Next, I wanted to point out that claiming that these games are made only for teenage boys is a disservice, and it’s the same kind of bile that people like Jason Schreier from Kotaku spew out all the time. I don’t want to get off topic, but one of his glorious outbursts involved alienating the entire Dragon’s Crown fanbase by saying the game’s art style was made for pedophiles, and as such fans and the talented developers at Vanillaware should be ashamed. Right.
I know my next comment is probably going to get me labeled as sexist, misogynist, and so on, but I’m just going to say it – not every game’s target audience is necessarily women. The creator of Senran Kagura, Kenichiro Takaki, frequently states that the Senran Kagura games are all about women with exaggerated features who get into silly, cute and or naughty situations. One of the recently confirmed games, Dekamori Senran Kagura, is described as a game to “satisfy man’s three desires.”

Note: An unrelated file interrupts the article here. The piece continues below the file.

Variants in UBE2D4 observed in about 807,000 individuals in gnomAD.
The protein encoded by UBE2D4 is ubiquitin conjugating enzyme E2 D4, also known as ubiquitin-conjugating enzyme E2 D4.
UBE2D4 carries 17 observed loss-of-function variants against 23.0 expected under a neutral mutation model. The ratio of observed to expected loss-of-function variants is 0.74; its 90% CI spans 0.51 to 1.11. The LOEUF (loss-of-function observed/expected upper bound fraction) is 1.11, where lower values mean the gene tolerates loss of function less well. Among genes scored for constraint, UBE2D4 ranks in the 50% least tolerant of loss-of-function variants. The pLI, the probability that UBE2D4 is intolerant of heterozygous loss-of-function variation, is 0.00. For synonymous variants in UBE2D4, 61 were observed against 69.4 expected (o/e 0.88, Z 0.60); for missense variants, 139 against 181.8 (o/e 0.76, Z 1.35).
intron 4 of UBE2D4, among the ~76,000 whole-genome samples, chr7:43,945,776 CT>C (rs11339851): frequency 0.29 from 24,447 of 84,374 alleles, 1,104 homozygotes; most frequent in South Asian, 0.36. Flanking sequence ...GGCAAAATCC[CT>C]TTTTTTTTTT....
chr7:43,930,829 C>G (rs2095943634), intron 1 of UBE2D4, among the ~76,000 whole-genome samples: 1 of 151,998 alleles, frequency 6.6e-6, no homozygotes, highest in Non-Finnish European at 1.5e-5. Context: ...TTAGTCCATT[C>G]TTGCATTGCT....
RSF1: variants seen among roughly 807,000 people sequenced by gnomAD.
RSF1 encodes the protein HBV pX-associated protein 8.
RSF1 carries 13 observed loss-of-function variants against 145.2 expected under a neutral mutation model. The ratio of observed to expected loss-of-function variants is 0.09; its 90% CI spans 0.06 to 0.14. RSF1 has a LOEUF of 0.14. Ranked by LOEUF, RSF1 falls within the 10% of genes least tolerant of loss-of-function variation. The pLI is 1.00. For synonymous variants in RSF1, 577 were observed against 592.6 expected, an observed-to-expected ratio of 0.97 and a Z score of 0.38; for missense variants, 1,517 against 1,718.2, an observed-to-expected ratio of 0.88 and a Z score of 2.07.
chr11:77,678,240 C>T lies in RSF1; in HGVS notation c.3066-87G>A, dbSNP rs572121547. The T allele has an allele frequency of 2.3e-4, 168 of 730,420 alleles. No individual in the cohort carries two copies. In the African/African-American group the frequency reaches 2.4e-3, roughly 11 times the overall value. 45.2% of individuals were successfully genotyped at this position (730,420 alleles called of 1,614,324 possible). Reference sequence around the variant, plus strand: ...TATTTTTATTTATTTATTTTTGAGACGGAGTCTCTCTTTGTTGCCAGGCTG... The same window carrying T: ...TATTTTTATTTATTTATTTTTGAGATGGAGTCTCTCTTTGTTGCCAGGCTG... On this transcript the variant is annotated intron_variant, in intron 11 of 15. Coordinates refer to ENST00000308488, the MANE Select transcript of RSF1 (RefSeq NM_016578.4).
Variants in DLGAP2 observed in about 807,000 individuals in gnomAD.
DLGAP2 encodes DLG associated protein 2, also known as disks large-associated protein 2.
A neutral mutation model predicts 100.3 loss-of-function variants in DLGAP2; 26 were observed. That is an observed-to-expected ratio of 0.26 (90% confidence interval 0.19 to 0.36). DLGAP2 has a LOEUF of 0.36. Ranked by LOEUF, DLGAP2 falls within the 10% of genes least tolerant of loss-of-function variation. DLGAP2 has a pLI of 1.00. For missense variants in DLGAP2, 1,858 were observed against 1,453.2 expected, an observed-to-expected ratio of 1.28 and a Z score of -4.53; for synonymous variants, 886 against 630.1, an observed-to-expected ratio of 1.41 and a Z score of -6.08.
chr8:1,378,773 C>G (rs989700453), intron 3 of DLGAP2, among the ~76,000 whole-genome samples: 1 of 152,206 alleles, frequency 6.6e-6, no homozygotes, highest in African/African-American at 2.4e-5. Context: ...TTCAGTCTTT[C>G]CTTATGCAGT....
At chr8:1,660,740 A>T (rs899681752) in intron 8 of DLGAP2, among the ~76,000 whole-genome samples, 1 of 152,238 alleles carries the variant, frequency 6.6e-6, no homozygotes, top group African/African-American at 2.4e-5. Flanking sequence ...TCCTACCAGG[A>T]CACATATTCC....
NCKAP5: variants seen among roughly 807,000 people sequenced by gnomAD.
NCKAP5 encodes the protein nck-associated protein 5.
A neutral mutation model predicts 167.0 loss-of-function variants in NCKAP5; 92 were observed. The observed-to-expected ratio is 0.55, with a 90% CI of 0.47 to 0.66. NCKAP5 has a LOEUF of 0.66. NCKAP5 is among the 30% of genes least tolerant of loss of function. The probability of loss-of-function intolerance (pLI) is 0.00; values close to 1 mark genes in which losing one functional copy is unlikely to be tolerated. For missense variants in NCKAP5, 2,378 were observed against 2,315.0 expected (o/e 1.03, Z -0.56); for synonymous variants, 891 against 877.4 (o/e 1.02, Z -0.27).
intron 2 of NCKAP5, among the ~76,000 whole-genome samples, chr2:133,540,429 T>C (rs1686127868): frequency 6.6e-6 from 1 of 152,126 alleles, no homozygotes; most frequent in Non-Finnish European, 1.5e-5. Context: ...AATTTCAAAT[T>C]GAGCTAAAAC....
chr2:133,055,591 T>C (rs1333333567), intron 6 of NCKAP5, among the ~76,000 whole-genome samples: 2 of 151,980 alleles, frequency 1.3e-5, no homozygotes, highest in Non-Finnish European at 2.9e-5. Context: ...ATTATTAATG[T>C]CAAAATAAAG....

What I’m saying is that the Senran Kagura games are clearly marketed and designed towards men who want to see women with exaggerated features, or a great art style, or even great gameplay. I know that this is the day and age in which everyone is fighting for games to evolve and move forward, to help give credence to the argument that video games can be art, and so on. Going back to my previous statement, not every game has a target audience of both men and women, or even young men and women.
Some games are so ultra violent, it’s pretty difficult to recommend them to people who are skittish towards that sort of thing, the same can be said of games with sexuality in them. In my opinion, this could also be said of any game that features highly detailed sexuality or partial nudity, although the Senran Kagura games at their core feature the exploding clothes mechanic made popular from various anime. The main thing about these games that feature sex or partial nudity is that never do they show off the characters’ naughty bits.